As best illustrated in FIG. 4, fitting 12 is angularly disposed out of and respecting the plane defined by ring 14, which is the plane of the paper in FIG. 1. This angular disposition of fitting 12 assures that when the apparatus for evacuating liquid is placed on a wet floor, perforations 32 in ring 14 face the floor. This maximizes the liquid sucking action of apparatus 10 and contributes to efficient evacuation of liquid from a floor or other surgical activity region.
Experimentation has shown that perforations 32 may be as small as 0.015 inch diameter and as large as about 0.090 inch diameter. Perforation diameter of 0.020 inches seems to be optimal; there is some drop-off in the liquid pick-up performance as perforation diameter decreases or increases from the 0.020 inches optimum. When the perforation diameter size is less than 0.015 inches, liquid, particularly water, will not be drawn by the apparatus at any reasonable level of vacuum drawn within the interior of ring 14. When perforation diameter exceeds 0.060 inches, drop-off in performance becomes significant; when perforation diameter exceeds about 0.090 inches, the perforations are too large to provide any significant suction effect at any reasonable level of vacuum.
Perforate tubular ring 14 is preferably about 11 inches in overall diameter as indicated by dimension "A" in FIG. 1. Wicking material 20 preferably is about 0.2 inches in overall thickness, as indicated by dimension "B" in FIG. 2, with lamina 22 and 24 having substantially equal thickness.
Liquid permeable textile covering 16 is retained in place on perforate tubular ring 14 in part by annular means, designated generally 34 in FIG. 1, fitting circumferentially about perforate tubular ring 14 on either side of fitting 12 for squeezing liquid permeable textile covering 16 against perforate tubular ring 14. These circumferential squeezing means 34 are preferably non-metallic and are most preferably nylon. Suitable squeezing means are available as Part No. P-4-18-0 from Plas-Ties, Inc. in Santa Ana, Calif.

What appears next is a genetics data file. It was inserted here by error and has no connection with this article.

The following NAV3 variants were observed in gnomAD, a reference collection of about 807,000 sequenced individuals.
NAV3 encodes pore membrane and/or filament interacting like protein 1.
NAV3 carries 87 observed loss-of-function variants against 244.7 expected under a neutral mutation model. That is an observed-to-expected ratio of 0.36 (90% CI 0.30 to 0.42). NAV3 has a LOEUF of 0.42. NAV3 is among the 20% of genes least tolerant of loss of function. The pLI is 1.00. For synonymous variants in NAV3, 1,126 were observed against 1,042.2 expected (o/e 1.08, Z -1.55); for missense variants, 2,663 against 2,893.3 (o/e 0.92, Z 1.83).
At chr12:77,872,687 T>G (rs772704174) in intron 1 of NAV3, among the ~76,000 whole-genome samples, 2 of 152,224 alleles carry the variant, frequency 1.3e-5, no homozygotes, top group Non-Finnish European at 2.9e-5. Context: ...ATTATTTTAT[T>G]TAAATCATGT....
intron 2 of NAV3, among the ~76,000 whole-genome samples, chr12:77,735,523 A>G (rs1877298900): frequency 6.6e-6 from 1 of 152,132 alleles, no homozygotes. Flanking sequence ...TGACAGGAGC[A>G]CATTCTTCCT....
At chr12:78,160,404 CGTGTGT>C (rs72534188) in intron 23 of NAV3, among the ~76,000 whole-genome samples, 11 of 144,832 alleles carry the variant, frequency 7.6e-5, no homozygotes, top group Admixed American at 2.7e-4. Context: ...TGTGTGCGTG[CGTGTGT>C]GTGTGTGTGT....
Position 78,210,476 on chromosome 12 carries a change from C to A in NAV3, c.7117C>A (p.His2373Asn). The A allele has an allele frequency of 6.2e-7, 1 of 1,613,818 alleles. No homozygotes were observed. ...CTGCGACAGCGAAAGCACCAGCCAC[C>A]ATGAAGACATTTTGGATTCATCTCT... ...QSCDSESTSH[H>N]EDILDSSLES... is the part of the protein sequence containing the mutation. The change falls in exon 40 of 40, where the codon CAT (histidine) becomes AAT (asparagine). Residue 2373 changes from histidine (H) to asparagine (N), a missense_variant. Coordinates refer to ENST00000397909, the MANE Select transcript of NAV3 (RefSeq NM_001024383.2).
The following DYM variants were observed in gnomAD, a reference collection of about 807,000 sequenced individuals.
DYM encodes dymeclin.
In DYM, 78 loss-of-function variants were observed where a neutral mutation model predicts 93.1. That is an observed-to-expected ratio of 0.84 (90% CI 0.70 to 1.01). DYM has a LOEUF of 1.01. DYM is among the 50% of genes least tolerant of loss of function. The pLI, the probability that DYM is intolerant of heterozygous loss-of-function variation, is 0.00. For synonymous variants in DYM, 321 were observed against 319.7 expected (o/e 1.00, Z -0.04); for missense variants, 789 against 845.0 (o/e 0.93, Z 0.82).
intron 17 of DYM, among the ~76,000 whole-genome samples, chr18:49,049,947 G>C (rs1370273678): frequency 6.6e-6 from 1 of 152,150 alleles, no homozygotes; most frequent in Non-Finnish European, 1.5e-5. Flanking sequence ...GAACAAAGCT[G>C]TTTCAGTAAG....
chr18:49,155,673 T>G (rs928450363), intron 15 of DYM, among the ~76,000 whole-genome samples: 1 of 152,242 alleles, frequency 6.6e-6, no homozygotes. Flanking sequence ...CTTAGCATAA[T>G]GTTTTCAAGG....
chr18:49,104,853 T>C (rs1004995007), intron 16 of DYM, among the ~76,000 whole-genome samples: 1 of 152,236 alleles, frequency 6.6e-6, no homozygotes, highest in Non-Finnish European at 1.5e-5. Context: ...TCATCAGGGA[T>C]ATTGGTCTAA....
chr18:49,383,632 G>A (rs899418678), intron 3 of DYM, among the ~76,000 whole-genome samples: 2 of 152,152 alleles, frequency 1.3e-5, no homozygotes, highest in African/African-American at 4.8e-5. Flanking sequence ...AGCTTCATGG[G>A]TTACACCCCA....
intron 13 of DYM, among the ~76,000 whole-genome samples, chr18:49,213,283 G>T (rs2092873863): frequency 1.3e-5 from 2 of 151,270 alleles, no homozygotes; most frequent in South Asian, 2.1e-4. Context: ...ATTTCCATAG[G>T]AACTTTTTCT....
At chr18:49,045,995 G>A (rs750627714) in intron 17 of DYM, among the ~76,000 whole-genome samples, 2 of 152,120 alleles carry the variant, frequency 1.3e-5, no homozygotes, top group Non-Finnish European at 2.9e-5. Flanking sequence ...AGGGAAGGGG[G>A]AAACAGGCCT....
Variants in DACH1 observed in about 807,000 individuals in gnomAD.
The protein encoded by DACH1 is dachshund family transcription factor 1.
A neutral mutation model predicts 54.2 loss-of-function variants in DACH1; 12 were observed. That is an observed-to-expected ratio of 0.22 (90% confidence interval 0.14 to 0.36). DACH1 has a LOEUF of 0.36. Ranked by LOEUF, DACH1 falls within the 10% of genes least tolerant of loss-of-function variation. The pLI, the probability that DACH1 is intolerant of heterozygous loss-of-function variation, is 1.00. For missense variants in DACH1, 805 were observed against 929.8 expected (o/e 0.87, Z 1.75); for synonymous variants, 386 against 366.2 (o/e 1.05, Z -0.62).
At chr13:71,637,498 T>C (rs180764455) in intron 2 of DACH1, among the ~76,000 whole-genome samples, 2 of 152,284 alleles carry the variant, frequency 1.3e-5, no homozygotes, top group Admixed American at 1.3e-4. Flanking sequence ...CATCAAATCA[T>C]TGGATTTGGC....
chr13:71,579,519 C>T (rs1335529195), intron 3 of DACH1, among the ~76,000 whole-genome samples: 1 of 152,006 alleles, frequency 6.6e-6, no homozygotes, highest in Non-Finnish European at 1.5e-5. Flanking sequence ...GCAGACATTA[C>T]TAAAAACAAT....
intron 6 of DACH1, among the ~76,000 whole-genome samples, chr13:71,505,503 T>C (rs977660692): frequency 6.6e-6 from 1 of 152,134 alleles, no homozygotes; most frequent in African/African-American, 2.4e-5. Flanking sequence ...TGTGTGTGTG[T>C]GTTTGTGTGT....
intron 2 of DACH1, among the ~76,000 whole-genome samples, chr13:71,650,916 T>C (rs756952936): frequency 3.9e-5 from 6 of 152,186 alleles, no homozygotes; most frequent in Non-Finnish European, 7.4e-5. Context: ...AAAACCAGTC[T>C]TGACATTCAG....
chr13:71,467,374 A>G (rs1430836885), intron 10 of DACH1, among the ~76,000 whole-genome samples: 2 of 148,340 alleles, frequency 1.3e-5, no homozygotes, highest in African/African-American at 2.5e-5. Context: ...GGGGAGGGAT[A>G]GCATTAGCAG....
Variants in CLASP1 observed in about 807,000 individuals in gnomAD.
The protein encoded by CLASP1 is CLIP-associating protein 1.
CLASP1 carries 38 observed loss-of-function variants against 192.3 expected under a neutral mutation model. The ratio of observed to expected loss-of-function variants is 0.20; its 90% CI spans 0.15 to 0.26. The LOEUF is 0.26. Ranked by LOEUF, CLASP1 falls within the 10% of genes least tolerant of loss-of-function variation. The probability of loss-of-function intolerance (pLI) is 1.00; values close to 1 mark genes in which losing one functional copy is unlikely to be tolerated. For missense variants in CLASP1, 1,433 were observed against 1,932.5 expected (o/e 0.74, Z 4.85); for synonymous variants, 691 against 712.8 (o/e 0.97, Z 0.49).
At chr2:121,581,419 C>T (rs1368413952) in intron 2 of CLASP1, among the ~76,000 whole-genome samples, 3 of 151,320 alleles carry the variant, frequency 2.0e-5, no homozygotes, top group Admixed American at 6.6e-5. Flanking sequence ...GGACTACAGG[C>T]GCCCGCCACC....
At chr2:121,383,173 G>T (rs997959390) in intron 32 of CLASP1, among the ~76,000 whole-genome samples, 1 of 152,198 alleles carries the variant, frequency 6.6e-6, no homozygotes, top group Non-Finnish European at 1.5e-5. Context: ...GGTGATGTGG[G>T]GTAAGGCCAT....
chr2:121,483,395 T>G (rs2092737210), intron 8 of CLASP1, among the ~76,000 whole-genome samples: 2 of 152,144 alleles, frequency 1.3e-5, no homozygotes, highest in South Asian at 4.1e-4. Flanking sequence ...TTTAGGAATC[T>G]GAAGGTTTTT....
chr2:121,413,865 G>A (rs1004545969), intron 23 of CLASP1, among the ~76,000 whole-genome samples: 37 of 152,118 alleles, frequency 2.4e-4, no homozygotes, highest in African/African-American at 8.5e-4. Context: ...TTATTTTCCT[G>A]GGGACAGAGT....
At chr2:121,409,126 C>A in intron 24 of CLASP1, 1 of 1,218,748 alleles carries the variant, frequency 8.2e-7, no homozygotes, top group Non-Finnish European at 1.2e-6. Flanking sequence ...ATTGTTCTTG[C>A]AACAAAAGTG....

Fitting 12 is desirably a black nylon "T" connector sold as a connector having catalog number T0-6WP by Eldon James of Loveland, Colo.
The means for retaining liquid permeable textile covering 16 in position about ring 14 further includes adhesive means contacting ring 14 and presenting an adhesive surface to an axially elongated edge or extremity 35 of wicking material 20; this adhesive means includes first adhesive means designated generally 36 in FIG. 2.
First adhesive means 36 is preferably conventional masking tape, having adhesive on a single side thereof. In FIG. 2, adhesive means 36 has adhesive on the side thereof designated 40 in FIG. 2.
The adhesive means portion of the retaining means further includes second adhesive means 42 which is similarly preferably conventional single-backed masking tape having an adhesive side 44 which facingly contacts both the non-adhesive side 46 of first adhesive means 36 and a longitudinally extending outwardly facing surface edge portion of outer layer 22 of the wicking material lamina.